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-- |
-- Module : Data.Numbers.Primes
-- Copyright : Sebastian Fischer
-- License : BSD3
--
-- Maintainer : Sebastian Fischer (sebf@informatik.uni-kiel.de)
-- Stability : experimental
-- Portability : portable
--
-- This Haskell library provides an efficient lazy wheel sieve for
-- prime generation inspired by /Lazy wheel sieves and spirals of/
-- /primes/ by Colin Runciman
-- (<http://www.cs.york.ac.uk/ftpdir/pub/colin/jfp97lw.ps.gz>) and
-- /The Genuine Sieve of Eratosthenes/ by Melissa O'Neil
-- (<http://www.cs.hmc.edu/~oneill/papers/Sieve-JFP.pdf>).
--
module Data.Numbers.Primes ( primes, wheelSieve ) where
-- |
-- This global constant is an infinite list of prime numbers. It is
-- generated by a lazy wheel sieve and shared across the whole program
-- run. If you are concerned about the memory requirements of sharing
-- many primes you can call the function @wheelSieve@ directly.
--
primes :: [Integer]
primes = wheelSieve 6
-- |
-- This function returns an infinite list of prime numbers by sieving
-- with a wheel that cancels the multiples of the first @n@ primes
-- where @n@ is the argument given to @wheelSieve@. Don't use too
-- large wheels. The number @6@ is a good value to pass to this
-- function. Larger wheels improve the run time at the cost of higher
-- memory requirements.
--
wheelSieve :: Int -- ^ number of primes canceled by the wheel
-> [Integer] -- ^ infinite list of primes
wheelSieve k = reverse ps ++ map head (sieve p (cycle ns))
where (p:ps,ns) = wheel k
-- Auxiliary Definitions
------------------------------------------------------------------------------
-- Sieves prime candidates by computing composites from the result of
-- a recursive call with identical arguments. We could use sharing
-- instead of a recursive call with identical arguments but that would
-- lead to much higher memory requirements. The results of the
-- different calls are consumed at different speeds and we want to
-- avoid multiple far apart pointers into the result list to avoid
-- retaining everything in between.
--
-- Each list in the result starts with a prime. To obtain composites
-- that need to be cancelled, one can multiply all elements of the
-- list with its head.
--
sieve :: Integer -> [Integer] -> [[Integer]]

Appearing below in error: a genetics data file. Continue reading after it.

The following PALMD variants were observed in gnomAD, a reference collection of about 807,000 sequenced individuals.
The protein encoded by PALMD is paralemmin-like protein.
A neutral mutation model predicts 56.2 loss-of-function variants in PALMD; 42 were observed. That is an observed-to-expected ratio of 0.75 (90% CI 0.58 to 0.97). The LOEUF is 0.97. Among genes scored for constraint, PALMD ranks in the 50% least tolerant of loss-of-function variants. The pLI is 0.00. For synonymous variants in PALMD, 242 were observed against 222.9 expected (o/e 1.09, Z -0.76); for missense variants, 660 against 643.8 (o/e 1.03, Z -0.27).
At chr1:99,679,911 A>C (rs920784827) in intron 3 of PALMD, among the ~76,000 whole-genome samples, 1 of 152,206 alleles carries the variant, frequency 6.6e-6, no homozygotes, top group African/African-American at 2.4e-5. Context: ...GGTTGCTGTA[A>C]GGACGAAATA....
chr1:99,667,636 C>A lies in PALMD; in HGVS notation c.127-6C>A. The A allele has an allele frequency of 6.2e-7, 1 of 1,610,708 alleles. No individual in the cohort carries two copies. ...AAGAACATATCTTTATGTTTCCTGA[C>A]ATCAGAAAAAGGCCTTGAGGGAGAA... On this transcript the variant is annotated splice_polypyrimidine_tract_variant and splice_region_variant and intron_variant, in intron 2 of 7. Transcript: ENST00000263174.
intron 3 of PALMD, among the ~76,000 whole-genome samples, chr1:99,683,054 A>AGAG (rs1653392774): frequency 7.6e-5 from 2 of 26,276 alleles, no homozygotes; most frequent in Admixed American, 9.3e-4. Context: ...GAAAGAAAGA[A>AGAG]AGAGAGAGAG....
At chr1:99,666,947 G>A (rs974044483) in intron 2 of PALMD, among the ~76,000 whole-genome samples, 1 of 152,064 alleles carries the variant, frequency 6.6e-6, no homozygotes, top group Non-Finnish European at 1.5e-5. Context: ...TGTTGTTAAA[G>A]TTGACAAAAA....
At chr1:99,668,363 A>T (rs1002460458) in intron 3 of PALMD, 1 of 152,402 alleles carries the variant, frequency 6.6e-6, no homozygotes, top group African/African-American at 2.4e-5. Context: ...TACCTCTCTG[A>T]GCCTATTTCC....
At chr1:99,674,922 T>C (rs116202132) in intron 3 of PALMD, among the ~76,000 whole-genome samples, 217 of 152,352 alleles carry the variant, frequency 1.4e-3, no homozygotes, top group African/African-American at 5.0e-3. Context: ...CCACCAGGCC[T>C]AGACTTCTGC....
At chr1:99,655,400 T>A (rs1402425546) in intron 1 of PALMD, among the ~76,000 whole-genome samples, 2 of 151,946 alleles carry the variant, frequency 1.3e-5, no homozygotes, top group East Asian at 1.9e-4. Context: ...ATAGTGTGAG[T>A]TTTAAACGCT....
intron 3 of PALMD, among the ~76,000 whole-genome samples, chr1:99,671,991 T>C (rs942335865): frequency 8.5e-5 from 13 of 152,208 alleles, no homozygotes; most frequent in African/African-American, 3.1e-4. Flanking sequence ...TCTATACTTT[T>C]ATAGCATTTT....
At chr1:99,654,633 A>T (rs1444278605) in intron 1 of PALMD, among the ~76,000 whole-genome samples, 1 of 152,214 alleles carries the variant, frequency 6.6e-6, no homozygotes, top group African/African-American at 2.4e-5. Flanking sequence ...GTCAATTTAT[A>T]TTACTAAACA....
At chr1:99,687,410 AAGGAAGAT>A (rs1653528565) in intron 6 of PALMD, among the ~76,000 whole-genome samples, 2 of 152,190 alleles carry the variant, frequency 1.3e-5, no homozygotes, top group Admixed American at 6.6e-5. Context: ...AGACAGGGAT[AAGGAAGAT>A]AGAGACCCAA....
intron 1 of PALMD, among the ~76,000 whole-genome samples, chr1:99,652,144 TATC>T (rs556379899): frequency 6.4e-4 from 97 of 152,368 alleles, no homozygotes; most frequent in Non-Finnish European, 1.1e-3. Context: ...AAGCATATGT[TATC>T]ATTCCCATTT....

sieve p ns@(m:ms) = spin p ns : sieveComps (p+m) ms (composites p ns)
-- Composites are stored in increasing order in a priority queue. The
-- queue has an associated feeder which is used to avoid filling it
-- with entries that will only be used again much later.
--
type Composites = (Queue,[[Integer]])
-- The feeder is computed from the result of a call to 'sieve'.
--
composites :: Integer -> [Integer] -> Composites
composites p ns = (Empty, map comps (spin p ns : sieve p ns))
where comps xs@(x:_) = map (x*) xs
-- We can split all composites into the next and remaining
-- composites. We use the feeder when appropriate and discard equal
-- entries to not return a composite twice.
--
splitComposites :: Composites -> (Integer,Composites)
splitComposites (Empty, xs:xss) = splitComposites (Fork xs [], xss)
splitComposites (queue, xss@((x:xs):yss))
| x < z = (x, discard x (enqueue xs queue, yss))
| otherwise = (z, discard z (enqueue zs queue', xss))
where (z:zs,queue') = dequeue queue
-- Drops all occurrences of the given element.
--
discard :: Integer -> Composites -> Composites
discard n ns | n == m = discard n ms
| otherwise = ns
where (m,ms) = splitComposites ns
-- This is the actual sieve. It discards candidates that are
-- composites and yields lists which start with a prime and contain
-- all factors of the composites that need to be dropped.
--
sieveComps :: Integer -> [Integer] -> Composites -> [[Integer]]
sieveComps cand ns@(m:ms) xs
| cand == comp = sieveComps (cand+m) ms ys
| cand < comp = spin cand ns : sieveComps (cand+m) ms xs
| otherwise = sieveComps cand ns ys
where (comp,ys) = splitComposites xs
-- This function computes factors of composites of primes by spinning
-- a wheel.
--
spin :: Integer -> [Integer] -> [Integer]
spin x (y:ys) = x : spin (x+y) ys
-- A wheel consists of a list of primes whose multiples are canceled
-- and the actual wheel that is rolled for canceling.
--
type Wheel = ([Integer],[Integer])
-- Computes a wheel that cancels the multiples of the given number
-- (plus 1) of primes.
--
-- For example:
--
-- wheel 0 = ([2],[1])
-- wheel 1 = ([3,2],[2])
-- wheel 2 = ([5,3,2],[2,4])
-- wheel 3 = ([7,5,3,2],[4,2,4,2,4,6,2,6])
--
wheel :: Int -> Wheel
wheel n = iterate next ([2],[1]) !! n
next :: Wheel -> Wheel
next (ps@(p:_),xs) = (py:ps,cancel (product ps) p py ys)
where (y:ys) = cycle xs
py = p + y
cancel :: Integer -> Integer -> Integer -> [Integer] -> [Integer]
cancel 0 _ _ _ = []
cancel m p n (x:ys@(y:zs))
| nx `mod` p > 0 = x : cancel (m-x) p nx ys
| otherwise = cancel m p n (x+y:zs)
where nx = n + x
-- We use a special version of priority queues implemented as /pairing/
-- /heaps/ (see /Purely Functional Data Structures/ by Chris Okasaki).
--
-- The queue stores non-empty lists of composites; the first element
-- is used as priority.
--
data Queue = Empty | Fork [Integer] [Queue]
enqueue :: [Integer] -> Queue -> Queue
enqueue ns = merge (Fork ns [])
merge :: Queue -> Queue -> Queue
merge Empty y = y
merge x Empty = x
merge x y | prio x <= prio y = join x y
| otherwise = join y x
where prio (Fork (n:_) _) = n
join (Fork ns qs) q = Fork ns (q:qs)
dequeue :: Queue -> ([Integer], Queue)
dequeue (Fork ns qs) = (ns,mergeAll qs)
mergeAll :: [Queue] -> Queue
mergeAll [] = Empty
mergeAll [x] = x
mergeAll (x:y:qs) = merge (merge x y) (mergeAll qs)
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